Marc Bohan Honoured At Dior
Esquire Singapore|October 2021
A steady evolution of Dior Men’s aesthetics—all while still retaining its house codes—has culminated in a deft balance of the active and the elegant.
Asri Jasman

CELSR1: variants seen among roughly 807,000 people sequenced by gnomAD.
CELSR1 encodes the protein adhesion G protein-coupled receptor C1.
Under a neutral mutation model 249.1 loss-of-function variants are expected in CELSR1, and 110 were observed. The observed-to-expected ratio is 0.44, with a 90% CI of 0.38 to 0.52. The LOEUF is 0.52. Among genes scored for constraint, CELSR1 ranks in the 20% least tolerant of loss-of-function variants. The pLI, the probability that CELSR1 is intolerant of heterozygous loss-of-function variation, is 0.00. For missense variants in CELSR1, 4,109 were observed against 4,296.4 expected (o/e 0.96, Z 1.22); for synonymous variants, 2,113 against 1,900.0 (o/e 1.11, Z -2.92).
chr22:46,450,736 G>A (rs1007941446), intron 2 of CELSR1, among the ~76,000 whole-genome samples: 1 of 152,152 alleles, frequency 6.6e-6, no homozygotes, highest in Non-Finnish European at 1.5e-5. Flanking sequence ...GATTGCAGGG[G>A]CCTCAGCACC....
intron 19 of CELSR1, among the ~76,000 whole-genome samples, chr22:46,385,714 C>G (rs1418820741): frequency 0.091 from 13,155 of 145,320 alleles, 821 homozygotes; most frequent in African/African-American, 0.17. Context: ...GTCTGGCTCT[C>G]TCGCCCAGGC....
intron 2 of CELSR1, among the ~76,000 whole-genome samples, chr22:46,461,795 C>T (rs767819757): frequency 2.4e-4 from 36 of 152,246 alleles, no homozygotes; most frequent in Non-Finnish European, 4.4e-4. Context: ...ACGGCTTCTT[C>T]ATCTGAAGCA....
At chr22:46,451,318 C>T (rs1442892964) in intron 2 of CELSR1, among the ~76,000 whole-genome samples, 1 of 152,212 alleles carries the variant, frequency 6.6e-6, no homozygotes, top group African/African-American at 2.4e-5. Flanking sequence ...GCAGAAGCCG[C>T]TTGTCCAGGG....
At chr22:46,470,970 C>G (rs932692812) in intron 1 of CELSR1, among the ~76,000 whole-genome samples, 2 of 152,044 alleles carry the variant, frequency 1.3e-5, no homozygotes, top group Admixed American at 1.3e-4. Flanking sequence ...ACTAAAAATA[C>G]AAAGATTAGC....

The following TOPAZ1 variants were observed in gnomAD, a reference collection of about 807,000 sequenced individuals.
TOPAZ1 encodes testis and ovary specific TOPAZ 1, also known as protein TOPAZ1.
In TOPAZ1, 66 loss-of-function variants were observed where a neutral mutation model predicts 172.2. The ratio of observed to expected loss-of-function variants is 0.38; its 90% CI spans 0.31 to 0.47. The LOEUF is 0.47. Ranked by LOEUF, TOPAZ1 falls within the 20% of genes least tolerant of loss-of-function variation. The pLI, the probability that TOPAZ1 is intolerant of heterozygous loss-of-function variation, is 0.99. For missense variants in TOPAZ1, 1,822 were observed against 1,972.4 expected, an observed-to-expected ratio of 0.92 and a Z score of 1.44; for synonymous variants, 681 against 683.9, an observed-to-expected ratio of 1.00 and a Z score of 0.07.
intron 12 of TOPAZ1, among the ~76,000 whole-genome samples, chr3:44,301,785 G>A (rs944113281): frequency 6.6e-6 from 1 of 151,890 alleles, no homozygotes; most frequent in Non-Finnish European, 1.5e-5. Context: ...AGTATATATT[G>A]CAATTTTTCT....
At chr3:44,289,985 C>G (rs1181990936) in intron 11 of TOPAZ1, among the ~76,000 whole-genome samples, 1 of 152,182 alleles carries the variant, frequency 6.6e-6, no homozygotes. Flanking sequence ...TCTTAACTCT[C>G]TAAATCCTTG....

The more one examines the work of artistic director Kim Jones for Dior Men, it becomes quite a clear realisation that his interpretation of Christian Dior’s menswear is one that’s the truest embodiment of the Dior man now. While that may be a bold proclamation to make, Dior’s menswear division never really took off (at least, not in the way its womenswear did) when it was first launched by then-creative director Marc Bohan, until Hedi Slimane came in and shook things up in 2000. Slimane’s skinny cuts defined the look of menswear of the time and were peppered with his love for rock and roll. But at the same time, hardly a vision that, at a glance, one would have immediately connected to Christian Dior himself. Next on the roster, Kris Van Assche opted for a balance of sporty and tailoring while building on the kind of raucous masculinity that Slimane introduced—an attempt adopting streetwear’s increased prominence in fashion.

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